Pattern, Clinical Presentation and Pregnancy Outcome of Thyroid Diseases in Pregnant Women at National Endocrine Referral Clinic of Tikur Anbessa Specialized Hospital, Addis Ababa, Ethiopia from June 2010 to June 2015Kurabachew Debebe1*, Gashayeneh Genetu1, Yeweyenhareg Feleke2 and Tedla Kebede2
- Corresponding Author:
- Kurabachew Debebe
Department of Internal Medicine, School of Medicine
College of Health Sciences, Addis Ababa University, Ethiopia
E-mail: [email protected]
Received Date: November 02, 2016; Accepted Date: January 16, 2017; Published Date: January 20, 2017
Citation: Debebe K, Genetu G, Feleke Y, Kebede T (2017) Pattern, Clinical Presentation and Pregnancy Outcome of Thyroid Diseases in Pregnant Women at National Endocrine Referral Clinic of Tikur Anbessa Specialized Hospital, Addis Ababa, Ethiopia from June 2010 to June 2015. Thyroid Disorder Ther 6:209. doi:10.4172/2167-7948.1000209
Copyright: © 2017 Debebe K, et al. This is an open-access article distributed under the terms of the Creative Commons Attribution License, which permits unrestricted use, distribution, and reproduction in any medium, provided the original author and source are credited.
Background: The major disorders of thyroid gland are hypothyroidism and hyperthyroidism and thyroid disorders are predominantly of autoimmune etiology in pregnant women. To date there is no study done in Ethiopia to show pattern and pregnancy outcomes of pregnant women with thyroid disorders.
Objectives: To assess pattern of thyroid diseases, thyroid function test profiles, clinical presentations and pregnancy outcomes in pregnant women at National Endocrine Referral Clinics of Tikur Anbessa Specialized Hospital.
Methods: A retrospective study was conducted at National Referral Endocrine Clinics of TASH from June 2010 to June 2015. All pregnant women with thyroid disorders were included in the study and patients’ charts were retrieved from follow up clinics and hospital archive by two trained residents of Internal medicine using pre-structured data collection tools.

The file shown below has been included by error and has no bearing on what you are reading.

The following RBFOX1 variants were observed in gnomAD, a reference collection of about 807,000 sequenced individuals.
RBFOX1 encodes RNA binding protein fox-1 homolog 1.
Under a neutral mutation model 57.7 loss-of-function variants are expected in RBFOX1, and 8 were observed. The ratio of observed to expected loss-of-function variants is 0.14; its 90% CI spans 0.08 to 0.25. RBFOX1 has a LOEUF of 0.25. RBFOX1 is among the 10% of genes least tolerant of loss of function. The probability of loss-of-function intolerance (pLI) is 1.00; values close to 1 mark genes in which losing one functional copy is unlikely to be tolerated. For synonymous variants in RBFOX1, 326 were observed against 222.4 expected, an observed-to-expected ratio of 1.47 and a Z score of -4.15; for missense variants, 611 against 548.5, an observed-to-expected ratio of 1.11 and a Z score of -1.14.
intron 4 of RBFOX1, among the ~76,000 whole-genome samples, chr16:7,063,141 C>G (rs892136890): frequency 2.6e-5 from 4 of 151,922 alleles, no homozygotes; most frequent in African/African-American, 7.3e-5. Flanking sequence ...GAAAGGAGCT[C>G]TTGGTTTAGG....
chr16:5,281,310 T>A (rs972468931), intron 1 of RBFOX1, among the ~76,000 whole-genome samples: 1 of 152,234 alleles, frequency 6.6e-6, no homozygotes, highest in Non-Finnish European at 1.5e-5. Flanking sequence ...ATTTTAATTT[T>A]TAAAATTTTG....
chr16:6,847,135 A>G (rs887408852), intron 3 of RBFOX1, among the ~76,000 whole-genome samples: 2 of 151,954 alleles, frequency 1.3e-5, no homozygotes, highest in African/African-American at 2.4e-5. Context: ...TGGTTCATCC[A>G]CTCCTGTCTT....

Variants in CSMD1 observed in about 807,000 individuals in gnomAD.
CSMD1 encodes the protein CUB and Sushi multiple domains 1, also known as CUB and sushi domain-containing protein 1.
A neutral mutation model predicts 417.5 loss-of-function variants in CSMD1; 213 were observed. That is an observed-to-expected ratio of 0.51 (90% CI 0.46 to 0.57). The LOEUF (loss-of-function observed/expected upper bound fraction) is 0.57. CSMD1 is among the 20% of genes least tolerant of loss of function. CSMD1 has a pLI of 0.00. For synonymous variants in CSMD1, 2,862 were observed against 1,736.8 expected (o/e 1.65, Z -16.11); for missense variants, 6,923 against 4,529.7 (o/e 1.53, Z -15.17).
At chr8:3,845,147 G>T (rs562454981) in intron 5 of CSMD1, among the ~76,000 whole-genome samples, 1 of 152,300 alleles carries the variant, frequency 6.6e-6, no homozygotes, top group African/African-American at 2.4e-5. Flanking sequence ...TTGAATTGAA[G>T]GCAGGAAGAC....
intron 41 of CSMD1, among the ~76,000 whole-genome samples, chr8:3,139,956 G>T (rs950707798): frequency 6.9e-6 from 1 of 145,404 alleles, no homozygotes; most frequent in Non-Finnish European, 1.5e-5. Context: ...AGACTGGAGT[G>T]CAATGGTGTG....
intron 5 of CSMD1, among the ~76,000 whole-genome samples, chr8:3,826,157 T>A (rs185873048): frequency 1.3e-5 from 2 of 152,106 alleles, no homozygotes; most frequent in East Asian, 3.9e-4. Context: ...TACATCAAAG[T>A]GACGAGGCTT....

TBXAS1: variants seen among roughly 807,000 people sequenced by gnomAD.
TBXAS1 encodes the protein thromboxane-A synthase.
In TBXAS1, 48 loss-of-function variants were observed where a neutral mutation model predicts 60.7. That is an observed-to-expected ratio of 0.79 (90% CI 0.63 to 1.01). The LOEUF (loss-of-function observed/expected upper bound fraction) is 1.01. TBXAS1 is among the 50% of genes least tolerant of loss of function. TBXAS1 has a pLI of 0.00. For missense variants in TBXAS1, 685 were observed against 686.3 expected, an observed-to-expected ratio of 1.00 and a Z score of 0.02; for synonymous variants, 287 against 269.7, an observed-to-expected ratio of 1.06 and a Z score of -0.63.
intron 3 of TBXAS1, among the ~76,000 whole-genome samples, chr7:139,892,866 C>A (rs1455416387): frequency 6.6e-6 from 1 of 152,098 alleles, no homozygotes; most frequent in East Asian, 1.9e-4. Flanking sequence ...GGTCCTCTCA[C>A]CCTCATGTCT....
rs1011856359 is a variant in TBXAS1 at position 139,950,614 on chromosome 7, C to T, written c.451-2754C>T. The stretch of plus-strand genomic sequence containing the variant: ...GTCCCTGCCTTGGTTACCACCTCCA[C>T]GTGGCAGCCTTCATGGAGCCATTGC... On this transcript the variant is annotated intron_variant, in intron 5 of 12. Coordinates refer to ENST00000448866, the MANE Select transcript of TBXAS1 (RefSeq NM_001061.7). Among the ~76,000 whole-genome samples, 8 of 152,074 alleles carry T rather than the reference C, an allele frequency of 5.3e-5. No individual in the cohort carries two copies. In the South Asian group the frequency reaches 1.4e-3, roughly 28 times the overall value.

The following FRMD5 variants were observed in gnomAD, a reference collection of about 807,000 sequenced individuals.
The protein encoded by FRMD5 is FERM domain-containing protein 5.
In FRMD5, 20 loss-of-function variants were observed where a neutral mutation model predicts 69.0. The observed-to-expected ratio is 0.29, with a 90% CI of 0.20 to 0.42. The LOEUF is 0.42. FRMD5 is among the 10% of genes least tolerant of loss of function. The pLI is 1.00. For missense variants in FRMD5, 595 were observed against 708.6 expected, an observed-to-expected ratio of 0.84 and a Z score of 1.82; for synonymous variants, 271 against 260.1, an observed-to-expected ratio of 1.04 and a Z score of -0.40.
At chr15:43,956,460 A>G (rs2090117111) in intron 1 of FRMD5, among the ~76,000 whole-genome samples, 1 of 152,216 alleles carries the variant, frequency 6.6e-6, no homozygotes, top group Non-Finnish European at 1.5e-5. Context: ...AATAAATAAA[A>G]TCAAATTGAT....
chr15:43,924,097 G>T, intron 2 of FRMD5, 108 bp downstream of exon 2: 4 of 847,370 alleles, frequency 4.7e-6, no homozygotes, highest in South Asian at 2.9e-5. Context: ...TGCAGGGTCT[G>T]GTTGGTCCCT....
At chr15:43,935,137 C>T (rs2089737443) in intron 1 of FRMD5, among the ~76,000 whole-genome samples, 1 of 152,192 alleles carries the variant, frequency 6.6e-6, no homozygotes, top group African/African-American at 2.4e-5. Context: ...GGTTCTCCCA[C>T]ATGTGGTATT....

Results: Among a total of 1124 patients with endocrine disorders, 670 (59.6%) were patients with thyroid disorders and 9.25% (62) were pregnant women. Among pregnant women with thyroid disorders, majority, 51 (82.2%) were pregnant women with hyperthyroidism with mean (SD) age of 30 ± (6.45) years. Majority of patients with hyperthyroidism, 43(84.3%) were diagnosed to have TMNG followed by Graves’ disease. Among pregnant women with hypothyroidism, six were cases of iodine deficiency. The commonly seen symptoms of hyperthyroidism were, anterior neck swelling (94.1%), palpitation (47.1%) and heat intolerance (31.4%). Patients with hypothyroidism, accounted for 17.74% of thyroid diseases in pregnancy and the common symptoms were fatigue and cold intolerance each accounting for 9 (81.8%) of the cases. Most of pregnant women with hyperthyroidism, 37 (72.5%) gave birth to an alive neonate, 11 (21.6%) had abortion and the remaining 3 (5.9%) had IUFD.
Conclusion: From our study, most of pregnant women with thyroid disorders were patients with hyperthyroidism. The pregnancy outcome of these patients was generally good.
Recommendation: We recommend proper documentation and electronic medical recording to be practiced in the hospital and to have pre-pregnancy counseling for all reproductive age women who have follow up at endocrine referral clinics. We also recommend doing more comprehensive research on pregnancy outcomes of pregnant women with thyroid disorders and neonatal screening for congenital hypothyroidism.